Open enrollment choices can have big financial impact It’s that time of year again, where, if you work for a medium-to-large employer, you’ve got some decisions to make because it’s open enrollment time. Of course, depending on your situation, you may have been working remotely for a while, but, even so, you will likely have the opportunity to review your benefits package and make changes. And you’ll want to make the right moves, because your choices can have a big financial impact on your life. So, take a close look at these key areas of your benefits program: Health insurance – Think about your health care needs over the coming year – will you or someone in your family be coping with a chronic illness or facing a surgery? Will you need to at least consider testing and possible treatment for COVID-19? In any case, make sure you’re choosing the right plan for your needs. And pay close attention to any changes in your health insurance, such as whether the plan’s provider networks have changed – you may want to make sure your own doctor is still in-network. Also, check to see if you can reduce your health care premiums by taking part in a wellness program or health-risk assessment. Life insurance – Your employer may offer a group life insurance policy for free, or for a small amount. It’s probably worth your while to take this coverage, but it may not be enough for your needs. If you only had this group policy, but your family situation has recently changed through marriage or the addition of a new child, you may well need to add some private insurance. Disability insurance – In addition to offering group life insurance, your employer may provide short-term disability insurance as an employee benefit. Like group insurance, this disability coverage may not cost you anything, but it may not be adequate – typically, short-term disability only replaces part of your income for three to six months. And while you may never need to miss work for an extended period of time, you never can tell – after all, more than one in four 20-year-olds will become disabled before they retire, according to the U.S. Social Security Administration. You may want to consider purchasing your own long-term disability policy on top of the coverage offered by your employer. Retirement plan – You can probably make changes to your 401(k) or similar employer-sponsored retirement plan at any time, but why not look at it now, when you’re reviewing all your benefits? If you can afford to increase your contributions, you probably should, because a 401(k), with its tax advantages and ease of contribution through paycheck deductions, is a great way to save for retirement. At a minimum, put in enough to earn your employer’s match. You’ll also want to review your 401(k)’s investment mix. Is it still providing you with significant growth potential within the context of your individual risk tolerance? Over time, you may need to make some adjustments, either because an investment is underperforming or because you’re getting close to retirement and you need to reduce your risk exposure. In any case, it’s a good idea to check up on your 401(k)’s investments at least once a year. Your employee benefits are an important part of your overall financial picture – so do what you can to get the most from them.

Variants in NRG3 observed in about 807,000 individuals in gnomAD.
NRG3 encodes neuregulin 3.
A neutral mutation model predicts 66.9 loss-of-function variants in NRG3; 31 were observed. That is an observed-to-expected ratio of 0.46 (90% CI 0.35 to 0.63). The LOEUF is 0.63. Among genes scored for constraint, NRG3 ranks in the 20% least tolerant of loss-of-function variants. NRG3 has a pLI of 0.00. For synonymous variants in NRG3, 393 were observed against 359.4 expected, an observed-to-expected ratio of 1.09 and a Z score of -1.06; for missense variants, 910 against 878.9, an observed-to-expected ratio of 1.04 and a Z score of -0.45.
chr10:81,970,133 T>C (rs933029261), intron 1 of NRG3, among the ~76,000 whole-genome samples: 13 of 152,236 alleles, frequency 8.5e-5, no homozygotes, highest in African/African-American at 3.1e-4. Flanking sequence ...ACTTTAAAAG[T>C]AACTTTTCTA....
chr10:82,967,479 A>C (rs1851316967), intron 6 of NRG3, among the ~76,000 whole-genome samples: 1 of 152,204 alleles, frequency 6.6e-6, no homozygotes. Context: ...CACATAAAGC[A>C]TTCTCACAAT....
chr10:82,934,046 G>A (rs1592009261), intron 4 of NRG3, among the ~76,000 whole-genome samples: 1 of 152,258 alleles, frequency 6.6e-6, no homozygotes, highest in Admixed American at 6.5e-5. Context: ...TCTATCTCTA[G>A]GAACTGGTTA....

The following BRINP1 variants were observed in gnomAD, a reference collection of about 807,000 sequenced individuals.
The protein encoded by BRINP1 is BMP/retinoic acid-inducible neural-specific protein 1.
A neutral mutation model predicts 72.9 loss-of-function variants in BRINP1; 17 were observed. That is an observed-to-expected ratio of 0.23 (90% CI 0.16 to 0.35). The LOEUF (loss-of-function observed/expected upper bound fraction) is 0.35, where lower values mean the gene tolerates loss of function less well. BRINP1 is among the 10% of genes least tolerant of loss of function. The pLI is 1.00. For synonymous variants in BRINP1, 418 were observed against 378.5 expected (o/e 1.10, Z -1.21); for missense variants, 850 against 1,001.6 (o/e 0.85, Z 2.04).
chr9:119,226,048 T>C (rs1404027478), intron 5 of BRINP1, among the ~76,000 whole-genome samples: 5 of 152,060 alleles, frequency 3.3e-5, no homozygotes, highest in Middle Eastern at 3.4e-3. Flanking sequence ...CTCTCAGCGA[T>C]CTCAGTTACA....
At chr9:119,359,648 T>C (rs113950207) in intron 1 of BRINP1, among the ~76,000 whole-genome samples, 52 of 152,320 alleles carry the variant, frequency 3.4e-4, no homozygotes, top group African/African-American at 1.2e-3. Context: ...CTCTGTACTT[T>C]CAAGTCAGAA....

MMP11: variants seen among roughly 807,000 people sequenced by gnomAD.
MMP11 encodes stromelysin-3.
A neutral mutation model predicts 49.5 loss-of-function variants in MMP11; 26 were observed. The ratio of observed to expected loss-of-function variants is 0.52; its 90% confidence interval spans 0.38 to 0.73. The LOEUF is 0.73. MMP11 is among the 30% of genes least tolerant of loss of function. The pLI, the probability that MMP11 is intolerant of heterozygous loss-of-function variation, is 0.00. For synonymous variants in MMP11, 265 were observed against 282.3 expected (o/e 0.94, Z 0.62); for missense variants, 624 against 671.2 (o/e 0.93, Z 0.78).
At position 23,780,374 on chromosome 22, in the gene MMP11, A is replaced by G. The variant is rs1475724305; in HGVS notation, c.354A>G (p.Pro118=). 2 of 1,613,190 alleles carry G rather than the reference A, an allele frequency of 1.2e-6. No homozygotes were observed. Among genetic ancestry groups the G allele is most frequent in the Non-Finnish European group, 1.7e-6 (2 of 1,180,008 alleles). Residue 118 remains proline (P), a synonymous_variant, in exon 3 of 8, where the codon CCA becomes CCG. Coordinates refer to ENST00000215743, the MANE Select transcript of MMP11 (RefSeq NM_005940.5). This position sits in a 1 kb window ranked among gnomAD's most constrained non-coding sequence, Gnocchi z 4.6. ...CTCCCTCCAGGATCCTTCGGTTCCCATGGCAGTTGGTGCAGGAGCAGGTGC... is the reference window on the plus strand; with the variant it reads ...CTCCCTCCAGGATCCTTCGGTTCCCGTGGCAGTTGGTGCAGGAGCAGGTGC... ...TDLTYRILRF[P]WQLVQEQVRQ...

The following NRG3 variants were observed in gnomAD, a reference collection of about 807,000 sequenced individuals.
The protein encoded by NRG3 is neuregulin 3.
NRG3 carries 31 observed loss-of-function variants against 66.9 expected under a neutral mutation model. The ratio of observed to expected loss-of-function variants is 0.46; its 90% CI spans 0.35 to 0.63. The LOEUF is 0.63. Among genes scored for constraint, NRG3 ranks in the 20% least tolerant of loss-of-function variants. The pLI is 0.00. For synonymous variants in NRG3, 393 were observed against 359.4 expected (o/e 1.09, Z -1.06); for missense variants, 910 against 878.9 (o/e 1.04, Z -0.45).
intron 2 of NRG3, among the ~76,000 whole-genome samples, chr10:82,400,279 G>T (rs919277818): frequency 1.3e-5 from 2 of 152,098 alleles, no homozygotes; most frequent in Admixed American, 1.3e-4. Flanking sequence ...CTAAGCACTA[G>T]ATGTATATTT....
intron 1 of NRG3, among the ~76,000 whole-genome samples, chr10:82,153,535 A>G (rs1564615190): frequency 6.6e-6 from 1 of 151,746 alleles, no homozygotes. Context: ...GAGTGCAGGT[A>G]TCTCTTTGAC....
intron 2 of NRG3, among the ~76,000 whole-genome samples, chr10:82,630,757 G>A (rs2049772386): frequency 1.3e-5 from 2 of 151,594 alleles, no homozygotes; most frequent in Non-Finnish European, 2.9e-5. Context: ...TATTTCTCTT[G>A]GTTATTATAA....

This article was written by Edward Jones for use by your local Edward Jones Financial Advisor. Edward Jones, Member SIPC